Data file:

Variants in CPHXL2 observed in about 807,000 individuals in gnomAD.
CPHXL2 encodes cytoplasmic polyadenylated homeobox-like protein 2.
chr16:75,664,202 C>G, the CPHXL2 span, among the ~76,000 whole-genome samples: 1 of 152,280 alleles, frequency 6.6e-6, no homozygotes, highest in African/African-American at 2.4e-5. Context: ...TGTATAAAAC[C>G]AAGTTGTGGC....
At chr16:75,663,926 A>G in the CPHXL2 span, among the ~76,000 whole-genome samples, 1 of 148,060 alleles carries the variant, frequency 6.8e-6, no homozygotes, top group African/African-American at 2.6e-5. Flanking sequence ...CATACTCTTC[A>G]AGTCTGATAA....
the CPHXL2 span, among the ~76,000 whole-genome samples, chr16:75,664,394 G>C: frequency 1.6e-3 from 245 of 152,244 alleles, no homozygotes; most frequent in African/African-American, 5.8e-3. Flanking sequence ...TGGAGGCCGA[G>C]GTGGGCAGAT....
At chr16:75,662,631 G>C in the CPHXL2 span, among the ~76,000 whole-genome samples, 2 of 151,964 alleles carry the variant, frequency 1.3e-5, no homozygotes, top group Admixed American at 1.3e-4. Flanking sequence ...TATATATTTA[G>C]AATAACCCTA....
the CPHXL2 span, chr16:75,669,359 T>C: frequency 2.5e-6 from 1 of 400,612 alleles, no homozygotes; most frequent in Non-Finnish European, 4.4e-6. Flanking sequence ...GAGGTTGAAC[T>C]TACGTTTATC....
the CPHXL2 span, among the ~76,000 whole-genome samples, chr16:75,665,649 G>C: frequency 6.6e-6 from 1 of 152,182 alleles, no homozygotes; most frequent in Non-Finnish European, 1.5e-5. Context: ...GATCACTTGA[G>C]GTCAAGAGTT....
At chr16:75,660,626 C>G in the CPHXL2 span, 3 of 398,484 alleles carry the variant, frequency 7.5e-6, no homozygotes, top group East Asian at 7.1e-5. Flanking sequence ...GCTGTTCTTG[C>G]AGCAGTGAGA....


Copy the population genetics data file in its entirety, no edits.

Variants in CPHXL2 observed in about 807,000 individuals in gnomAD.
CPHXL2 encodes cytoplasmic polyadenylated homeobox-like protein 2.
chr16:75,664,202 C>G, the CPHXL2 span, among the ~76,000 whole-genome samples: 1 of 152,280 alleles, frequency 6.6e-6, no homozygotes, highest in African/African-American at 2.4e-5. Context: ...TGTATAAAAC[C>G]AAGTTGTGGC....
At chr16:75,663,926 A>G in the CPHXL2 span, among the ~76,000 whole-genome samples, 1 of 148,060 alleles carries the variant, frequency 6.8e-6, no homozygotes, top group African/African-American at 2.6e-5. Flanking sequence ...CATACTCTTC[A>G]AGTCTGATAA....
the CPHXL2 span, among the ~76,000 whole-genome samples, chr16:75,664,394 G>C: frequency 1.6e-3 from 245 of 152,244 alleles, no homozygotes; most frequent in African/African-American, 5.8e-3. Flanking sequence ...TGGAGGCCGA[G>C]GTGGGCAGAT....
At chr16:75,662,631 G>C in the CPHXL2 span, among the ~76,000 whole-genome samples, 2 of 151,964 alleles carry the variant, frequency 1.3e-5, no homozygotes, top group Admixed American at 1.3e-4. Flanking sequence ...TATATATTTA[G>C]AATAACCCTA....
the CPHXL2 span, chr16:75,669,359 T>C: frequency 2.5e-6 from 1 of 400,612 alleles, no homozygotes; most frequent in Non-Finnish European, 4.4e-6. Flanking sequence ...GAGGTTGAAC[T>C]TACGTTTATC....
the CPHXL2 span, among the ~76,000 whole-genome samples, chr16:75,665,649 G>C: frequency 6.6e-6 from 1 of 152,182 alleles, no homozygotes; most frequent in Non-Finnish European, 1.5e-5. Context: ...GATCACTTGA[G>C]GTCAAGAGTT....
At chr16:75,660,626 C>G in the CPHXL2 span, 3 of 398,484 alleles carry the variant, frequency 7.5e-6, no homozygotes, top group East Asian at 7.1e-5. Flanking sequence ...GCTGTTCTTG[C>G]AGCAGTGAGA....